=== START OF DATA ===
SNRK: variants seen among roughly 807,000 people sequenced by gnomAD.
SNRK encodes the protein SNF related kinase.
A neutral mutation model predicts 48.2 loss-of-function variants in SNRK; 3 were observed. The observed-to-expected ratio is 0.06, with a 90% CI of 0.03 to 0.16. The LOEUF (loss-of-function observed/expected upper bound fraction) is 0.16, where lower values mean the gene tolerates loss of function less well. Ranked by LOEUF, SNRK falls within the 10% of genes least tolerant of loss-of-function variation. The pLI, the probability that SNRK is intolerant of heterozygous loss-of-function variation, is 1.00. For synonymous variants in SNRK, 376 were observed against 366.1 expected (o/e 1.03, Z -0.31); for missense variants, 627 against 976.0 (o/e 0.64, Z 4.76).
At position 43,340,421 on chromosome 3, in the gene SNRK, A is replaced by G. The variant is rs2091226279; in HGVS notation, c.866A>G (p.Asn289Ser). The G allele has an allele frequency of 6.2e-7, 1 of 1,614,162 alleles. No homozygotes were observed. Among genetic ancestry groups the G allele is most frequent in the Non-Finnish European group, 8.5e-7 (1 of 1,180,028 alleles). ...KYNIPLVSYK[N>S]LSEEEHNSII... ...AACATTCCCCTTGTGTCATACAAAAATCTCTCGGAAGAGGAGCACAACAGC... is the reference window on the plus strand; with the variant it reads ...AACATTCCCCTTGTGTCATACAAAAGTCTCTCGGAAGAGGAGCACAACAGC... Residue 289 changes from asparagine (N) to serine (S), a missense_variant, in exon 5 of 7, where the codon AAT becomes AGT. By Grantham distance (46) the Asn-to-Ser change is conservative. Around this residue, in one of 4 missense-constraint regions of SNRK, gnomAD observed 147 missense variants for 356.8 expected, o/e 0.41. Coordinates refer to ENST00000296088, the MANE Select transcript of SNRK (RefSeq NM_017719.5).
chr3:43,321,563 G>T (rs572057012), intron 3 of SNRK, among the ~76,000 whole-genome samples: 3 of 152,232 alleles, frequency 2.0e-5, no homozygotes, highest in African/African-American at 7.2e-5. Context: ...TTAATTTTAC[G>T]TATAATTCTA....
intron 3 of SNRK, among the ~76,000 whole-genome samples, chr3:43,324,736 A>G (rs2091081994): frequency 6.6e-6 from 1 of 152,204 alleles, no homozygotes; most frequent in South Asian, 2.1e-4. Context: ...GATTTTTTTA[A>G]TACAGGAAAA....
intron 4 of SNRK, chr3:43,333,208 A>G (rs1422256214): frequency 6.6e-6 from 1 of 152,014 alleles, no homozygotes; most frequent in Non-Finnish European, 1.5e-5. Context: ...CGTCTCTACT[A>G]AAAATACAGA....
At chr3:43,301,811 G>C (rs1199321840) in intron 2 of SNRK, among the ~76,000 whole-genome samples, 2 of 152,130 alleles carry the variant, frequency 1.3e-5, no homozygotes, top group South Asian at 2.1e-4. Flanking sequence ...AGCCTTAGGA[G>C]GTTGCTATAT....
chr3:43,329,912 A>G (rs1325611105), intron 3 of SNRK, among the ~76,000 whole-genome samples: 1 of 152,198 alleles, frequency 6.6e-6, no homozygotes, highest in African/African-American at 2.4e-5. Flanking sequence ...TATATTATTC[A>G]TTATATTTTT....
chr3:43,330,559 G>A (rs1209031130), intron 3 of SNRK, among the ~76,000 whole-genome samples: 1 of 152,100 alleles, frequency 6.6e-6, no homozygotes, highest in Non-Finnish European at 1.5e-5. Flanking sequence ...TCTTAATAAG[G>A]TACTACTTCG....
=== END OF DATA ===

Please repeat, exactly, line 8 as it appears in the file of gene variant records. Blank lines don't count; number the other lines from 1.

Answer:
At chr3:43,301,811 G>C (rs1199321840) in intron 2 of SNRK, among the ~76,000 whole-genome samples, 2 of 152,130 alleles carry the variant, frequency 1.3e-5, no homozygotes, top group South Asian at 2.1e-4. Flanking sequence ...AGCCTTAGGA[G>C]GTTGCTATAT....